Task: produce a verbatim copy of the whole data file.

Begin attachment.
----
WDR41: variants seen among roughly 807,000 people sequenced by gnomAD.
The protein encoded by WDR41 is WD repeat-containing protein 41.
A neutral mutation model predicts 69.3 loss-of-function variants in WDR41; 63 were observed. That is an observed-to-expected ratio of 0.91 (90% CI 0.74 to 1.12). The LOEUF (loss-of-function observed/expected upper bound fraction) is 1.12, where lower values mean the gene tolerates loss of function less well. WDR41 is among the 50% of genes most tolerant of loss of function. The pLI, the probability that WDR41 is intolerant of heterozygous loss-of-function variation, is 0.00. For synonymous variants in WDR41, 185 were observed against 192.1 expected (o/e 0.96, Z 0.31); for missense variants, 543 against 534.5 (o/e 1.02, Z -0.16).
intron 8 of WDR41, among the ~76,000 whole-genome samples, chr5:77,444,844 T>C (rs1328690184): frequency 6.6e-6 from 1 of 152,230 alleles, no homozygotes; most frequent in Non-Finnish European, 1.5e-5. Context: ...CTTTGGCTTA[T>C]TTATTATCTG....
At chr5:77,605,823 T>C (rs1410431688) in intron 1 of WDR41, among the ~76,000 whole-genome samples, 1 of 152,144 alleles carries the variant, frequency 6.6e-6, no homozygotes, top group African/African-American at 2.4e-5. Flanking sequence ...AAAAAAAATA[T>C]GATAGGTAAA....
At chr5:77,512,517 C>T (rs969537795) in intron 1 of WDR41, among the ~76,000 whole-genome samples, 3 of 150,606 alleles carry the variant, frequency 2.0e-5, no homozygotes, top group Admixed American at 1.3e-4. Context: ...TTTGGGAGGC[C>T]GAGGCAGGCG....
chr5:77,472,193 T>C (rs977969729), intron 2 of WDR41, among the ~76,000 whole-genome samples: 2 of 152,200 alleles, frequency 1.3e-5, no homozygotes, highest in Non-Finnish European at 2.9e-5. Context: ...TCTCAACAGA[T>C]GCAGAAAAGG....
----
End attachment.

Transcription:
WDR41: variants seen among roughly 807,000 people sequenced by gnomAD.
The protein encoded by WDR41 is WD repeat-containing protein 41.
A neutral mutation model predicts 69.3 loss-of-function variants in WDR41; 63 were observed. That is an observed-to-expected ratio of 0.91 (90% CI 0.74 to 1.12). The LOEUF (loss-of-function observed/expected upper bound fraction) is 1.12, where lower values mean the gene tolerates loss of function less well. WDR41 is among the 50% of genes most tolerant of loss of function. The pLI, the probability that WDR41 is intolerant of heterozygous loss-of-function variation, is 0.00. For synonymous variants in WDR41, 185 were observed against 192.1 expected (o/e 0.96, Z 0.31); for missense variants, 543 against 534.5 (o/e 1.02, Z -0.16).
intron 8 of WDR41, among the ~76,000 whole-genome samples, chr5:77,444,844 T>C (rs1328690184): frequency 6.6e-6 from 1 of 152,230 alleles, no homozygotes; most frequent in Non-Finnish European, 1.5e-5. Context: ...CTTTGGCTTA[T>C]TTATTATCTG....
At chr5:77,605,823 T>C (rs1410431688) in intron 1 of WDR41, among the ~76,000 whole-genome samples, 1 of 152,144 alleles carries the variant, frequency 6.6e-6, no homozygotes, top group African/African-American at 2.4e-5. Flanking sequence ...AAAAAAAATA[T>C]GATAGGTAAA....
At chr5:77,512,517 C>T (rs969537795) in intron 1 of WDR41, among the ~76,000 whole-genome samples, 3 of 150,606 alleles carry the variant, frequency 2.0e-5, no homozygotes, top group Admixed American at 1.3e-4. Context: ...TTTGGGAGGC[C>T]GAGGCAGGCG....
chr5:77,472,193 T>C (rs977969729), intron 2 of WDR41, among the ~76,000 whole-genome samples: 2 of 152,200 alleles, frequency 1.3e-5, no homozygotes, highest in Non-Finnish European at 2.9e-5. Context: ...TCTCAACAGA[T>C]GCAGAAAAGG....